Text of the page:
Signatures turned in for alternative energy initiative

OLYMPIA – An initiative that would compel the Snohomish County PUD and other large electricity providers to use sources of energy other than hydropower advanced Thursday toward a spot on the ballot this fall.

Supporters turned in signatures for Initiative 937, which would require the state’s major utilities to produce 15 percent of their electricity from renewable resources such as solar and wind by 2020.

“We wanted something that is both challenging and achievable,” U.S. Rep. Jay Inslee, D-Wash., said of the key plank of the measure.

Volunteers filed initiative petitions with 330,000 signatures; 224,800 must be from valid voters to qualify the measure.

“We have to explore every option to help people become aware of the need for clean energy and renewable energy,” said Rebecca Wolfe of Edmonds, who gathered 1,500 signatures. “I think this will help us.”

Opposition will be led by the Association of Washington Business. The group formally announced Thursday it opposes I-937 because it includes mandates that threaten to drive up costs for small businesses.

“If a utility has to forgo purchasing less expensive hydropower for a more expensive alternative” then it will be passed on, said Chris McCabe, the group’s governmental affairs director.

The proposed I-937 affects only utilities providing electricity to at least 25,000 customers. There are 17 in the state, according to proponents.

Under the measure, these utilities must rely on “renewable resources” for 3 percent of their electricity by Jan. 1, 2012, 9 percent by 2016 and 15 percent by 2020. Fines can be levied if a benchmark is missed.

Renewable resources defined in the initiative include energy from wind, solar, geothermal, landfill gas, tidal power, biodiesel, biomass and burning wood waste.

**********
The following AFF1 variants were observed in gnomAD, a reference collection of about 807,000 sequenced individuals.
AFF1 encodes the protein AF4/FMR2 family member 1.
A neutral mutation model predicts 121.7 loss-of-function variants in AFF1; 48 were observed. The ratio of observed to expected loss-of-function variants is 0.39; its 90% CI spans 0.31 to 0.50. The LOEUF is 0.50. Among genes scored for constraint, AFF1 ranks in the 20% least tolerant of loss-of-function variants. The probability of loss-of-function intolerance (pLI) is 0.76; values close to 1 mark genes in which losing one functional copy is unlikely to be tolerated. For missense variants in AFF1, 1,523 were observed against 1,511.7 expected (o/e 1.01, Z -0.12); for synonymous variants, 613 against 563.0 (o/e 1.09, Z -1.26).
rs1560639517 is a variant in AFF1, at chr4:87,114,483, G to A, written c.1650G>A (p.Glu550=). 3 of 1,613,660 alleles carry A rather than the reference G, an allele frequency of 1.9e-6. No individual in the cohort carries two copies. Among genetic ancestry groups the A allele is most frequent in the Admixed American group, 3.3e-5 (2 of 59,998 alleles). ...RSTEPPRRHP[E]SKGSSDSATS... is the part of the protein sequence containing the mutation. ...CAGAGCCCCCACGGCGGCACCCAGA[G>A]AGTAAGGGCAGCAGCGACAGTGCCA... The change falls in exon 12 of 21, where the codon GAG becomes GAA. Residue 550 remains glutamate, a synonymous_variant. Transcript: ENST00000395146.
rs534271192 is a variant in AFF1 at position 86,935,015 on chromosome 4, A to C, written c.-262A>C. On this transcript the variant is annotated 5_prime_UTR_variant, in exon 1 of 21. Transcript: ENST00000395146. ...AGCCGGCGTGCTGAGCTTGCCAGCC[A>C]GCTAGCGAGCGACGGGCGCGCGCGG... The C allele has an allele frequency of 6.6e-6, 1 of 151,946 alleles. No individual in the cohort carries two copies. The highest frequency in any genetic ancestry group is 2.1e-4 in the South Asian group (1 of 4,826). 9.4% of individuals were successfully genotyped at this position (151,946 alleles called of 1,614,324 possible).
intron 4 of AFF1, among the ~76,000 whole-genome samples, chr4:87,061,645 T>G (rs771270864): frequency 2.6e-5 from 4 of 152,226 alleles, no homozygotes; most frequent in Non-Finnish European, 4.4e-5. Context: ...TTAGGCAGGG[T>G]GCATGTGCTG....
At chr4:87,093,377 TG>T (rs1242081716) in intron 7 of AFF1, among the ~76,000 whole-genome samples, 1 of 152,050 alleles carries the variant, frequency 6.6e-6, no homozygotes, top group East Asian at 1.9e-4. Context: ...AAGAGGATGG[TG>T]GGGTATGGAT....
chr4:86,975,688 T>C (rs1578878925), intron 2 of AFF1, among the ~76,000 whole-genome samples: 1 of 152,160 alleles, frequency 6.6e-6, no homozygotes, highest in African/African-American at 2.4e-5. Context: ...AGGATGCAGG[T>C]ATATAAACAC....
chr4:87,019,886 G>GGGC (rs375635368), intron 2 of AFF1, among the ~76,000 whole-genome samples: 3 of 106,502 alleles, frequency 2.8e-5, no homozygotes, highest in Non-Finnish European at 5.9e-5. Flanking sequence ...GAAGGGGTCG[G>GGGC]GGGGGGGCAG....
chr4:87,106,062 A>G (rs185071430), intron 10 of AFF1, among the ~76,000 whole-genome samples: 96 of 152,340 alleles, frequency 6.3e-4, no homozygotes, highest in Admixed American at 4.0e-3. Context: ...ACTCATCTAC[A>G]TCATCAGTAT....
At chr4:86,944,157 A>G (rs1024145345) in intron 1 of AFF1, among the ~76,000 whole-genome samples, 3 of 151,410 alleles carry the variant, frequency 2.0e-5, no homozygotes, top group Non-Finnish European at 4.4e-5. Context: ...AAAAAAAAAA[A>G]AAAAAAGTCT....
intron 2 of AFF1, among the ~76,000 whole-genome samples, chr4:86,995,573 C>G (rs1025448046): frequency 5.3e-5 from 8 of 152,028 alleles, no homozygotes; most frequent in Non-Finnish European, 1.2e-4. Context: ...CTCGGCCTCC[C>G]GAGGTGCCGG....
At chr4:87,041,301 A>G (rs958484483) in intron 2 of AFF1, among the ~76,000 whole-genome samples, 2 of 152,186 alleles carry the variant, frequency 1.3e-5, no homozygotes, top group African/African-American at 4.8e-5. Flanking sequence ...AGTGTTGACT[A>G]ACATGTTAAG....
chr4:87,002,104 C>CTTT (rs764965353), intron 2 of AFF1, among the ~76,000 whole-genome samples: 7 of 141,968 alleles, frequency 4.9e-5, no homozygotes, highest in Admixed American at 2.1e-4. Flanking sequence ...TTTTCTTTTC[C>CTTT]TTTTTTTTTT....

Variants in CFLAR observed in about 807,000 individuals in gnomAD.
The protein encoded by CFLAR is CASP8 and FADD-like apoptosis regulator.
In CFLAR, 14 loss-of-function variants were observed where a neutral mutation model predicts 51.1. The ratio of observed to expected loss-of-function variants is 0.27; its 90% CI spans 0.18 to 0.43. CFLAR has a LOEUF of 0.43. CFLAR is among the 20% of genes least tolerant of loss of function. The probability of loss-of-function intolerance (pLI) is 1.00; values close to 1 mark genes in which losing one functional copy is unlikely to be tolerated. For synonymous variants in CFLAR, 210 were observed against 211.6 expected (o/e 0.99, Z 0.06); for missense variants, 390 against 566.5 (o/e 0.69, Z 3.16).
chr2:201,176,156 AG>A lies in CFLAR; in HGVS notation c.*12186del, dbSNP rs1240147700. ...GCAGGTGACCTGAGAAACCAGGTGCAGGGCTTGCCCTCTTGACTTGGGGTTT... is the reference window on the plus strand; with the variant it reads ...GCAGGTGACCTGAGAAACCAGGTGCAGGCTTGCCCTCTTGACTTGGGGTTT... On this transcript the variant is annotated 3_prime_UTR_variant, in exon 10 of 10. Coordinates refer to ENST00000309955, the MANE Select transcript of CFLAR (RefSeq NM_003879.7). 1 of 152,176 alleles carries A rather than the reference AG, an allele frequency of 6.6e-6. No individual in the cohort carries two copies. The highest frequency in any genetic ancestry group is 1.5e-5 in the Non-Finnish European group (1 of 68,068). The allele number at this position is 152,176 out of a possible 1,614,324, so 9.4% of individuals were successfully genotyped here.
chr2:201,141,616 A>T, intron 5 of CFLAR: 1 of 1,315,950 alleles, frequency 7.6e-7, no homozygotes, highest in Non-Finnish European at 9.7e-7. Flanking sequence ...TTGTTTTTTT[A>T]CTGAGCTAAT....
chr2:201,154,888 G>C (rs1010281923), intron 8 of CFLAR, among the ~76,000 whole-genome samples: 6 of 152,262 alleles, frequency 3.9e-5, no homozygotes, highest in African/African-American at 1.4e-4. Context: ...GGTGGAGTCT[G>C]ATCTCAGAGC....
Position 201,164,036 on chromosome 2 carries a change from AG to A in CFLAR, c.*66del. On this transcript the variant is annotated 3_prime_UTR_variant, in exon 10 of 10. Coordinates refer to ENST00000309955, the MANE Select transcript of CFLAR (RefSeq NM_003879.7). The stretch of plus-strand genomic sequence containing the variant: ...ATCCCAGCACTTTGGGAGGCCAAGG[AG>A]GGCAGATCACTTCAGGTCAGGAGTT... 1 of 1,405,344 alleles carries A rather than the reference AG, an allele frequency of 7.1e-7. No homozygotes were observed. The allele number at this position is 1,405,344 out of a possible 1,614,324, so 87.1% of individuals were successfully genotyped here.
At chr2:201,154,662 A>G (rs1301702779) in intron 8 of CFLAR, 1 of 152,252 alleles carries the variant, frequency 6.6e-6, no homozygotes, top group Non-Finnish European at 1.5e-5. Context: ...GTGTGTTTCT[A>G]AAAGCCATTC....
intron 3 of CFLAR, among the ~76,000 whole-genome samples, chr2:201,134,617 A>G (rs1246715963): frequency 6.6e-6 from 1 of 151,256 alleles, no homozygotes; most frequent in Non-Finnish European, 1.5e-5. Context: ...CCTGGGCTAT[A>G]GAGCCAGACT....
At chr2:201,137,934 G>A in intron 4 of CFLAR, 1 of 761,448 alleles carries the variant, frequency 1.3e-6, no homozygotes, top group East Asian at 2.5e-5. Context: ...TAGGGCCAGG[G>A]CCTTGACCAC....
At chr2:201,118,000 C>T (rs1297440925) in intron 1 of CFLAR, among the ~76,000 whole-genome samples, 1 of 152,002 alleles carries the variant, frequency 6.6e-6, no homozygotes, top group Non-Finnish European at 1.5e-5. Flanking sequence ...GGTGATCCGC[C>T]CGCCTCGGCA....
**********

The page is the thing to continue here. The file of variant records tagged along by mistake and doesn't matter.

The initiative does not encourage utilities to explore nuclear or coal-fired plants.

Utilities can also earn credit toward the mandates by increasing conservation by customers and improving efficiency of existing plants.

This is a “huge stride forward,” said Sarah Patton of the Northwest Energy Coalition, one of the groups pushing the initiative.

“We have worked for years in the Legislature to get these standards, and we couldn’t do it,” said Patton whose alliance includes an array of environmental groups and producers of alternative energies.

The initiative specifically excludes hydropower, which provides two-thirds of the state’s electricity.

Nancy Hirsh, the coalition’s policy director, said the intent is to force the state to diversify its portfolio of energy resources and avoid becoming too reliant on any one.

By establishing mandates, the state reduces the economic risk facing producers of renewable energy by guaranteeing potential buyers for the power, she said.

“This creates a reasonable, gradual timeline for the growth of an industry that needs to be part of the new industries of the state,” Hirsh said.

Snohomish County PUD relies on hydropower for 80 percent of the electricity it provides its 300,000 customers. Landfill gas and a biomass co-generation plant also provide a bit of power, said PUD spokesman Neil Neroutsos.

“Fundamentally, we think we are doing a lot in being a clean utility and relying on sources that are clean, like hydro,” he said.

Hirsh agreed. She noted in 2000-01 a West Coast energy crisis coupled with a drought forced the PUD to pay high prices for power produced from other means than hydropower. More options will help protect the PUD from such volatility.

The PUD Board of Commissioners received a briefing Thursday on the potential effects of the initiative. Commissioners will consider taking a position on it July 18.

Wolfe said this measure is a critical step toward preserving resources for the future.

“I’d like to see the planet survive,” she said. “I really think it’s that serious.”

Reporter Jerry Cornfield: 360-352-8623 or

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